York professor calls Iranian cultural centre ‘a fake’

A group of academics wants an Iranian cultural organization based in North York to come clean about where its funding comes from, fearing it’s linked to Iran’s anti-democratic Islamic government, wrote the Toronto Star April 15 in a story about the Center for Iranian Studies, which calls itself a “non-government organization located in the centre of the Iranian district in Toronto, Canada” to support those interested in Iranian culture.

“This is a fake centre,” said Saeed Rahnema, a political science professor in York’s Faculty of Liberal Arts & Professional Studies and one of eight academics who have petitioned the centre for clarity about the directors, funding and the nature of its scholarly work. “They are using it as a front,” Rahnema said. “They are approaching students at York and other universities with offers to fund events and courses because the Iranian government is worried about the growing Iranian student bodies” in Canada.

A York graduate who did not want to be named said two Iranian student groups were approached by “representatives” of the centre last November. “They wanted to fund Farsi courses, but when we asked where they got their money, they wouldn’t tell us. We ended it there.”

Manager Maryam Dousti confirmed the centre has approached York students about helping to fund Iranian events and even create Farsi courses, the Star said.

Birds and bees to be taught from Grade 3

Ontario elementary schoolchildren will learn more detailed sex education in earlier grades under a new provincewide curriculum that begins this September, wrote The Hamilton Spectator April 15.

Sarah Flicker, a professor in York’s Faculty of Environmental Studies who reviewed the curriculum, says the ministry’s commitment to acknowledge sexual pleasure and desires to youths is innovative and terrific. “Often when we talk to kids about sex-ed, it’s a no-no-no, finger-wagging thing. It doesn’t speak to the reality. Why do kids have sex? Because it feels good.”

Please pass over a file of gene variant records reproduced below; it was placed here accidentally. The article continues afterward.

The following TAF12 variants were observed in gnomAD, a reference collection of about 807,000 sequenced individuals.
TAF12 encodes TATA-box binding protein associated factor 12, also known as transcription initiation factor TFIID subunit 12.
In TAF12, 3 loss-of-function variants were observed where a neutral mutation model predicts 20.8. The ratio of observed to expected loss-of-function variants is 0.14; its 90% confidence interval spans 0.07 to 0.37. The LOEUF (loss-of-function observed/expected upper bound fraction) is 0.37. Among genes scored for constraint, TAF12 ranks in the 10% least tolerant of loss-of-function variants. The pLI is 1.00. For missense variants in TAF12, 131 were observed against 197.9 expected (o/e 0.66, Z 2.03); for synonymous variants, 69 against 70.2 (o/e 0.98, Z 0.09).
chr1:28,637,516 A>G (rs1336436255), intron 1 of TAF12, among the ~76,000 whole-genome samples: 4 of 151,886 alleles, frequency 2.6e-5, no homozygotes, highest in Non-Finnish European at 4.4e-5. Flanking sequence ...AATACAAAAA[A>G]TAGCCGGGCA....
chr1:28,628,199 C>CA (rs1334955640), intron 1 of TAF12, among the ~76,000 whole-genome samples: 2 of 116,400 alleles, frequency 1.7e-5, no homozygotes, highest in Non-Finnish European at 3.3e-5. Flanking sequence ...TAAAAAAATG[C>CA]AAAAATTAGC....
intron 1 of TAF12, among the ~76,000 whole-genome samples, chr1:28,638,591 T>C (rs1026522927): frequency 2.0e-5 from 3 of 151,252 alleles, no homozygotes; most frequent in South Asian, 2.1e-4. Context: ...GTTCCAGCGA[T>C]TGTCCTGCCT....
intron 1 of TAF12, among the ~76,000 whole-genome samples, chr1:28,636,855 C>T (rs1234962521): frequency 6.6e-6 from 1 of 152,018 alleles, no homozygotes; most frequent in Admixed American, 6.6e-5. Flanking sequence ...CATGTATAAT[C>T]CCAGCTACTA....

So how does one determine what sex information is age appropriate?

Physically, kids hit puberty sooner so it makes sense that it’s taught in an earlier grade, she said.

Psychologically, kids mature at different rates but the key is to provide the information before most kids get sexually active, she said. “If we wait until after they are sexually active, we are missing a key opportunity,” she said.

Lastly, one has to look at youth behaviour. Whether we like it or not, educators need to be pragmatic about what youth are actually doing, said Flicker. Flicker said she’s always hearing from youths about how awful sex-ed is. “I’m really hoping these curriculum shifts will change that discourse,” she said.

Newspaper ordered to identify posters of online comments

A Nova Scotia Supreme Court judge says Internet anonymity shouldn’t be a shield for legal actions and has ordered a newspaper and Google Inc. to provide the identities of people who posted comments about Halifax’s top firefighters, wrote The Canadian Press April 15.

Justice Heather Robertson of Nova Scotia Supreme Court swiftly granted an uncontested application [by two firefighters who want to sue for libel] Wednesday, noting the Internet shouldn’t provide any cover from legal actions. She said the court doesn’t “condone the conduct of anonymous Internet users who make defamatory comments. They, like other people, have to be accountable for their actions.”